An Open Letter to Our U.S. Presidential Candidates
By David Kong
A few years ago, I had the pleasure of hearing Jonathan Tisch, Chairman of Loews Hotels, speak at the NYU International Hospitality Industry Investment Conference, where he shared a powerful perspective on the vital role the travel and hospitality industry plays as a driver of U.S. economic growth.
At the heart of Tisch’s argument lies a simple idea. Unlike most other industries, which rise and fall like the tides, travel remains a dominant force behind the expansion of the American economy, providing millions of jobs, billions in tax revenues and unique opportunities for the middle class and millennials. In fact, according to U.S. Travel, our industry generated $2.1 trillion in economic output in 2015, supported over 15.1 million jobs and ranked us as a top 10 employer across 49 states. Indeed, as our nation climbed out of the Great Recession, the travel industry was a vital tonic, outpacing job expansion in other industries by a whopping 28 percent since 2010.
In addition, America’s trade surplus (net exports) in travel increased more than five-fold from 2003 to 2013, climbing from $16 billion to $78 billion. Without these funds, the total U.S. trade deficit would have been $579 billion in 2014 alone, almost 15 percent higher than its actual rate.
America’s travel economy also offers a unique career opportunity for our young. Nearly 25 percent of all travel industry employees are under 25 years old, compared with just 13 percent in other industries. So whether working in our hotels, OTAs, airlines, theme parks or countless other travel-related businesses and organizations, tomorrow’s business leaders are honing their skills today in a flourishing U.S. travel industry. And while our nation’s middle class has struggled to recover job losses in the wake of the recession, the travel industry remains one of the top 10 largest employers of middle class wage-earners.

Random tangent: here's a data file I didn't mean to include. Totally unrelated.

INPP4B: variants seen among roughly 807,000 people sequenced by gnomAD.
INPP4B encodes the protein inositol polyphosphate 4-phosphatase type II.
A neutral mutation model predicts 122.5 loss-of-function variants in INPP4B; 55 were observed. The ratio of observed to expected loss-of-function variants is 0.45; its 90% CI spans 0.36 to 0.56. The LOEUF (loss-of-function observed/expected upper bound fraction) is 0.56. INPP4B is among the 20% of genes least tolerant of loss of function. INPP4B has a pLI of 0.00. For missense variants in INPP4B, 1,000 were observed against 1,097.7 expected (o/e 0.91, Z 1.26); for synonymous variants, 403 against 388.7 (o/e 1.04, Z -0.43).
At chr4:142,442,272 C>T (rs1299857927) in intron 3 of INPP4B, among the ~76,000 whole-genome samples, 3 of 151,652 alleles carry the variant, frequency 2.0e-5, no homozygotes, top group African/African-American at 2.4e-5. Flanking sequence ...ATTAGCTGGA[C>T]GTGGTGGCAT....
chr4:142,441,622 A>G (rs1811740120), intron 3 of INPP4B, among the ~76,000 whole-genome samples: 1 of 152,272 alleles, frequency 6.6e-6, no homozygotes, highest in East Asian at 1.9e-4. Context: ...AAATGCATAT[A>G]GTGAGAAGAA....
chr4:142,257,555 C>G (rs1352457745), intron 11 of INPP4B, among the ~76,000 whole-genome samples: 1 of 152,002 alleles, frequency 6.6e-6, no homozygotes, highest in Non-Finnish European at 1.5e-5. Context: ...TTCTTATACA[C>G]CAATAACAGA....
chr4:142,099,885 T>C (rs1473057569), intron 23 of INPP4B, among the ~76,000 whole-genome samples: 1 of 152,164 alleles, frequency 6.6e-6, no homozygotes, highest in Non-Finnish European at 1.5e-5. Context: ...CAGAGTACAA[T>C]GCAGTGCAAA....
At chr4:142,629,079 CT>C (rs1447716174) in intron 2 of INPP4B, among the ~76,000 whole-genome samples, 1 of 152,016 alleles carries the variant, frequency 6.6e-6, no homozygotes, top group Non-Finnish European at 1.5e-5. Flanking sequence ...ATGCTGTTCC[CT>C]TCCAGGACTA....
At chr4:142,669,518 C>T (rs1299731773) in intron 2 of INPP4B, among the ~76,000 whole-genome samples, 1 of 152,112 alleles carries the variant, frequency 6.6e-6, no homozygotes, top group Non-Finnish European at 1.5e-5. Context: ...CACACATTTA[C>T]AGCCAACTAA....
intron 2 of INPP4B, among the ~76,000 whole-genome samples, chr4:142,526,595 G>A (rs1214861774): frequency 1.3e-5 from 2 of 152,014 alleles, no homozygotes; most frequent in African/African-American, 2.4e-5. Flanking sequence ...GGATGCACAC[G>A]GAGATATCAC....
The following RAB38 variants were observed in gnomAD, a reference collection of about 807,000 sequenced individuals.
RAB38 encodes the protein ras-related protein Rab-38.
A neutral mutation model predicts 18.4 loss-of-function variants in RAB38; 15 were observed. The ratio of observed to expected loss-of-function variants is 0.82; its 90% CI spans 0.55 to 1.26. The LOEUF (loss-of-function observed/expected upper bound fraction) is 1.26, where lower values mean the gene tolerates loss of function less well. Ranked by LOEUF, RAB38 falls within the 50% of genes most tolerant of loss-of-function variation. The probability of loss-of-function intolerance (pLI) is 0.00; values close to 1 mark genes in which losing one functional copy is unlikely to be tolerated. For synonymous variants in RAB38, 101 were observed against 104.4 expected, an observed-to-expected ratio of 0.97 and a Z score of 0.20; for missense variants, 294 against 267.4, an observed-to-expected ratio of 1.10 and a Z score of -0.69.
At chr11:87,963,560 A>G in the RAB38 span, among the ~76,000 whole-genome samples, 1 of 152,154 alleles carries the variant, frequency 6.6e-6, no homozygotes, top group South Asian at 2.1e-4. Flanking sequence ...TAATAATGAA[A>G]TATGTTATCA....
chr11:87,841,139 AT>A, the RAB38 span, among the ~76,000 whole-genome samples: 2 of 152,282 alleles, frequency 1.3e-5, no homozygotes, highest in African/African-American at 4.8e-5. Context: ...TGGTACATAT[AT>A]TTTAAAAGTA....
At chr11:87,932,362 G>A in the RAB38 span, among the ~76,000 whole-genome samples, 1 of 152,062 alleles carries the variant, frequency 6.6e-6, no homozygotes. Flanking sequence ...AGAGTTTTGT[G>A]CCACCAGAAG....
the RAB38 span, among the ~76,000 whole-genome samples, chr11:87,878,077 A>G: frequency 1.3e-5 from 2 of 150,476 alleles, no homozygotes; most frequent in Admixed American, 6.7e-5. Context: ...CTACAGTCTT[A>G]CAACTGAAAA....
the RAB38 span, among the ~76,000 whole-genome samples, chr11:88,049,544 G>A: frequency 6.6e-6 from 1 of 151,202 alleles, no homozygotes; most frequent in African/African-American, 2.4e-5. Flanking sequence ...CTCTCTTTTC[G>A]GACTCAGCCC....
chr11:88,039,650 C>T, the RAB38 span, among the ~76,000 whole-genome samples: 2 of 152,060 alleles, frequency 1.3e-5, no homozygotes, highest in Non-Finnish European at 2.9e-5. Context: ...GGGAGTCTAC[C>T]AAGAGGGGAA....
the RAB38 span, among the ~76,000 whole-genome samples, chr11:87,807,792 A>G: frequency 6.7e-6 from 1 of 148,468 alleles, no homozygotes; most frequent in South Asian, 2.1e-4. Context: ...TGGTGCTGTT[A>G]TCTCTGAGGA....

According to Tisch, all of this growth and potential speaks to a tectonic shift in the American economy — specifically, that today’s service-economy, led by the travel industry, is occupying the same center of gravity that agriculture and manufacturing did in the 20th Century, and therefore, is worthy of increased support and attention from our government. In this regard, I would like to make some specific recommendations.
First and foremost, I agree with Tisch that our industry deserves a Cabinet-level position in the U.S. government. We currently have 15 separate Secretaries reporting to our President, covering everything from Agriculture to Defense to Energy and Education. But where’s travel? As it stands now, our interests are marginally served by the Department of Commerce, and we rub up against the Departments of Transportation and State, and others too. However, we have no true champion in the White House and it’s time ─ we’re a two trillion dollar economic engine. By contrast, the Department of Agriculture operates 266 subsidy programs and employs more than 91,000 people across 7,000 offices, and in total the agriculture and agriculture-related industries contributed $789 billion to the U.S. Gross Domestic Product in 2013.